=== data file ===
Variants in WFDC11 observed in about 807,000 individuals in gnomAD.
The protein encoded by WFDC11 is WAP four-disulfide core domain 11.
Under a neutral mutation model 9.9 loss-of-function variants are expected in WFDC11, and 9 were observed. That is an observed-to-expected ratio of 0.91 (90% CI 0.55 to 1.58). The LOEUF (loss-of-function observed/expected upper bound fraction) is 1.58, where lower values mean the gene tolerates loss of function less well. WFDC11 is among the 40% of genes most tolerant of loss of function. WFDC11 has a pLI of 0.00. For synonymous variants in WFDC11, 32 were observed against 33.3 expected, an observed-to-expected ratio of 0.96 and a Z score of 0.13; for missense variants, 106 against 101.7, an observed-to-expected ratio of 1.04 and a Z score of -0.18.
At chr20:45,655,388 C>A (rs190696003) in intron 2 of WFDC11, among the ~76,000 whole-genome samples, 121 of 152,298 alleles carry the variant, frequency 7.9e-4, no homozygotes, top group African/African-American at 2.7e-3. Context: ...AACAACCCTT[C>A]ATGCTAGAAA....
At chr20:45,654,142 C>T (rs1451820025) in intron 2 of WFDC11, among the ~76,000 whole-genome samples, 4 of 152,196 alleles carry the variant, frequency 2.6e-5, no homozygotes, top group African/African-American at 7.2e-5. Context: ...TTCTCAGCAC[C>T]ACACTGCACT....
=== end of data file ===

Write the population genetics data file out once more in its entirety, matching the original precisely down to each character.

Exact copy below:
Variants in WFDC11 observed in about 807,000 individuals in gnomAD.
The protein encoded by WFDC11 is WAP four-disulfide core domain 11.
Under a neutral mutation model 9.9 loss-of-function variants are expected in WFDC11, and 9 were observed. That is an observed-to-expected ratio of 0.91 (90% CI 0.55 to 1.58). The LOEUF (loss-of-function observed/expected upper bound fraction) is 1.58, where lower values mean the gene tolerates loss of function less well. WFDC11 is among the 40% of genes most tolerant of loss of function. WFDC11 has a pLI of 0.00. For synonymous variants in WFDC11, 32 were observed against 33.3 expected, an observed-to-expected ratio of 0.96 and a Z score of 0.13; for missense variants, 106 against 101.7, an observed-to-expected ratio of 1.04 and a Z score of -0.18.
At chr20:45,655,388 C>A (rs190696003) in intron 2 of WFDC11, among the ~76,000 whole-genome samples, 121 of 152,298 alleles carry the variant, frequency 7.9e-4, no homozygotes, top group African/African-American at 2.7e-3. Context: ...AACAACCCTT[C>A]ATGCTAGAAA....
At chr20:45,654,142 C>T (rs1451820025) in intron 2 of WFDC11, among the ~76,000 whole-genome samples, 4 of 152,196 alleles carry the variant, frequency 2.6e-5, no homozygotes, top group African/African-American at 7.2e-5. Context: ...TTCTCAGCAC[C>T]ACACTGCACT....